calendar_today 6 April 2019
Based on this kind donation
of VR headsets and cubes from MERGE,
I thought it might be useful to understand current research on the application of VR/AR within education, specifically in developing countries.
A phone/tablet can be used to view the merge cube in augmented reality. The cube is soft/foam and water resistant to again, perfect for kids.
MERGE host a list of educational resources
online, which I will run through and test to assess appropriateness.
MERGE have filtered a list of AR/VR fun and safe games for kids aged 8+, on their ‘Miniverse’
. These range in age recommendation, motion level and price.
Content is divided into categories; game, music, educational, 360 videos, entertainment and travel. Content is also split into cube or headset. I will review this and update here.
There are multiple lesson plans
for students who want to use CoSpaces
in conjunction with the devices if on the PRO plan. Students can code their own virtual or augmented reality using CoSpaces.
CoSpaces can work online from a computer or tablet. Since it is entirely internet dependent, I think it’ll trial out the first activities and assess potential for future exercises.
Reading and learning from the educators on Merge's Facebook group.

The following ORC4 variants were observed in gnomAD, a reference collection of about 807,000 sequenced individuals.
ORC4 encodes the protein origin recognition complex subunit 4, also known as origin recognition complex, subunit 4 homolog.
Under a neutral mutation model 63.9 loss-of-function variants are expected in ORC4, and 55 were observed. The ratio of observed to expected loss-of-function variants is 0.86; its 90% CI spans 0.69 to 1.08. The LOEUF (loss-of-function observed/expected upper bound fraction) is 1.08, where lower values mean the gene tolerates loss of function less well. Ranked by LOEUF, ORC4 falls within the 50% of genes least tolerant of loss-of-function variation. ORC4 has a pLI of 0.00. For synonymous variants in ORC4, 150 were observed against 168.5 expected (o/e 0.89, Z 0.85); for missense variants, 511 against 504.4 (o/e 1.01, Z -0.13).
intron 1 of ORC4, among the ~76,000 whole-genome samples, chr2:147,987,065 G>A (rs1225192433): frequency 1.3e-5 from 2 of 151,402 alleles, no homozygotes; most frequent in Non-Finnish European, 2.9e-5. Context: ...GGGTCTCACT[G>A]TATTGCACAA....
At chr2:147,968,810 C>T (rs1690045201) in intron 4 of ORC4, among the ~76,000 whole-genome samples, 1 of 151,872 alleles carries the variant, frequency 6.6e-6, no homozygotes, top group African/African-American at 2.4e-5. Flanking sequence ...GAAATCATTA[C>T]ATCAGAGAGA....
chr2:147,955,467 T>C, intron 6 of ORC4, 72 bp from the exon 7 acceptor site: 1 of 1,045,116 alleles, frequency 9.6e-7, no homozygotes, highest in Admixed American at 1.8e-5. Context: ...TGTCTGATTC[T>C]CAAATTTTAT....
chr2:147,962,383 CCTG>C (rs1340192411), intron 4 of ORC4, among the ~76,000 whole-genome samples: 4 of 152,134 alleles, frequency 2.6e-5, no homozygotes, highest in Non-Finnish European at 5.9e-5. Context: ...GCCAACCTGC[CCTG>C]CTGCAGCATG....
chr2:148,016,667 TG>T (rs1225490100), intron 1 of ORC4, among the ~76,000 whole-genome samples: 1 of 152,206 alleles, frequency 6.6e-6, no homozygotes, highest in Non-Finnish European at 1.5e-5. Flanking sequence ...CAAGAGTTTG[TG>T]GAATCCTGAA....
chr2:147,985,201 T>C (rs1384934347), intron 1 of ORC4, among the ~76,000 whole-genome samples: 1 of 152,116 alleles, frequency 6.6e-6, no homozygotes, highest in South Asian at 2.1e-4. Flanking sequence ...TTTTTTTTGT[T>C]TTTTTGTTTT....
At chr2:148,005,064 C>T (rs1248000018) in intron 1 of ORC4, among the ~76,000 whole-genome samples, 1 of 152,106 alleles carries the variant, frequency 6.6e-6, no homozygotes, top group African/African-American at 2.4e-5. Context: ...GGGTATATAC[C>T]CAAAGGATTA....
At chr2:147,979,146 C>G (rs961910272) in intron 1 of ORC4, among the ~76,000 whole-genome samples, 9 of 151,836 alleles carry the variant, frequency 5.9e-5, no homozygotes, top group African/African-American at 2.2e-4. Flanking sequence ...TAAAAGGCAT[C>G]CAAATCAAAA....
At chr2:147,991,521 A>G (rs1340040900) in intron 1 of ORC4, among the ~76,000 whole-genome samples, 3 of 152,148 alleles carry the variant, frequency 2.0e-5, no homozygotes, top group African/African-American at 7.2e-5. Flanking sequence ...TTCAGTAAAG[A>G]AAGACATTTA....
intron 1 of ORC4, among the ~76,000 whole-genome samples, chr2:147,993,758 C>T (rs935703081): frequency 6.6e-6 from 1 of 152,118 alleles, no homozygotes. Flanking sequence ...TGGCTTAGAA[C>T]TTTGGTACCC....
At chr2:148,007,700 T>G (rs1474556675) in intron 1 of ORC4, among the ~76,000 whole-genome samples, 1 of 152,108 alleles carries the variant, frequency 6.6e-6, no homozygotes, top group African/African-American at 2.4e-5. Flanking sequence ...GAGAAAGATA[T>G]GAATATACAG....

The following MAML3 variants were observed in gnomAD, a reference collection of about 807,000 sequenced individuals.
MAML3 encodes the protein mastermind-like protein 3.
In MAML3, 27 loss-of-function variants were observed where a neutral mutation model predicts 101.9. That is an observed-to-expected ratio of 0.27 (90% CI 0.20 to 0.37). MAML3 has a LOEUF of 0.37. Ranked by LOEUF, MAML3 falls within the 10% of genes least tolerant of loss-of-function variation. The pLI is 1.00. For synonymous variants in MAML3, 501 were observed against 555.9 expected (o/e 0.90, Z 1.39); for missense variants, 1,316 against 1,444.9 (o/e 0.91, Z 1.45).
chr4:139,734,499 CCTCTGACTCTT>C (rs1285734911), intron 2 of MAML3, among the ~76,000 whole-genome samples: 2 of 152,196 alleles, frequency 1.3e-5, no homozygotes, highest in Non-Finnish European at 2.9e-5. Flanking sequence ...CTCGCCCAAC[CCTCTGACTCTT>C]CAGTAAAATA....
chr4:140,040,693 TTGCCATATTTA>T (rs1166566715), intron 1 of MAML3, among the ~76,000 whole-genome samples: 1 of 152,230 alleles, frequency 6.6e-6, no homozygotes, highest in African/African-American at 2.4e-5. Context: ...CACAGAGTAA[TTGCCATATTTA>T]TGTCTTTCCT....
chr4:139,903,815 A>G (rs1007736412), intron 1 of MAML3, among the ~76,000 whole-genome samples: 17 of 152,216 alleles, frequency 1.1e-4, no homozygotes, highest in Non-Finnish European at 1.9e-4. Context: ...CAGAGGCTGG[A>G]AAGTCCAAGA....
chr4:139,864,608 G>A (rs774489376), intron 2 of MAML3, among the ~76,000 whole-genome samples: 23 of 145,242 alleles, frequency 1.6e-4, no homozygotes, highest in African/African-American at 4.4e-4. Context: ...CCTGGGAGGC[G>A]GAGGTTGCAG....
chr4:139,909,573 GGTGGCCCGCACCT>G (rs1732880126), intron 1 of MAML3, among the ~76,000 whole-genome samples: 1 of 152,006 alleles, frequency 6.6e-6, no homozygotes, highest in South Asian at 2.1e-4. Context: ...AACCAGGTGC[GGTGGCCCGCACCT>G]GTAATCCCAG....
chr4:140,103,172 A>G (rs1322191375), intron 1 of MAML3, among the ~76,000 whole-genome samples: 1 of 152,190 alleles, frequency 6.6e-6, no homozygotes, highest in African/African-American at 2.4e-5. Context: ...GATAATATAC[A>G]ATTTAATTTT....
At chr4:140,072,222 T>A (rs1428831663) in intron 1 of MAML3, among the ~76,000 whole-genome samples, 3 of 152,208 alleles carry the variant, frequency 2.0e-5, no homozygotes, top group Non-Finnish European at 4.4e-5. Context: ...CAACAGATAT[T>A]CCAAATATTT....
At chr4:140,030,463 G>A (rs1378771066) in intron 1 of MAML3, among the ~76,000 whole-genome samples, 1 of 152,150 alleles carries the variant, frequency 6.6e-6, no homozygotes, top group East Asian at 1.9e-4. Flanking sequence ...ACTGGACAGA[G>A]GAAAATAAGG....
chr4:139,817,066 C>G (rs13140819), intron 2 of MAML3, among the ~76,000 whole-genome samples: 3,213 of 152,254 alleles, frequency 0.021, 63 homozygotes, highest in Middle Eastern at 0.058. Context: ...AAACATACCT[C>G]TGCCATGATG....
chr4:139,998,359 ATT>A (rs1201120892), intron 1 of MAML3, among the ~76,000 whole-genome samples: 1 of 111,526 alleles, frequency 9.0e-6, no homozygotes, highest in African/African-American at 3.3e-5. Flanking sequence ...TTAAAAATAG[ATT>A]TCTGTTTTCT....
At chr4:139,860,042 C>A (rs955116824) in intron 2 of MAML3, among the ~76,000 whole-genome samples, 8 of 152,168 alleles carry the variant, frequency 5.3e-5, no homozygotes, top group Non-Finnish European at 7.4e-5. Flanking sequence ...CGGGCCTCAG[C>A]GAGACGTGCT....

by Vishwanath, Kam and Kumar (2017) assesses the use of VR in Mumbai's urban slums. The study found that VR aroused student curiousity and led to a 'deeper level of engagement'.
The study was an example of how teacher ownership and confidence is key to ensuring VR works in a classroom. The teacher in the study familiarise herself with the virtual tours and assessed what would ft best to their curriculum. I'm curious if this is the best approach to adopt in Eritrea (sitting with teachers and running through the filtered content).
Based on the study, the researchers identified four ways VR could be injected into pedagogy. A brief summary:
- To demonstrate actual real-world phenomenon
- To illustrate abstract concepts
- To compare and contrast
- To arouse interest
The study also lists limitations experienced, such as phones running out of battery but turning this into an opportunity to collect feedback on the VR set.
Researchers also found that students were afraid to hold the cardboard VR set as they thought it was expensive. I found this to be an interesting fear, so it may be worth demonstrating the headset's durability. Less 'throw it across the room'
, but more demonstrate its flexibility.
The paper also flagged concerns for an outbreak in eye infections which I have not yet considered. It makes sense to wipe the headset clean but perhaps a hand sanitizer (as used in the paper) should be utilised.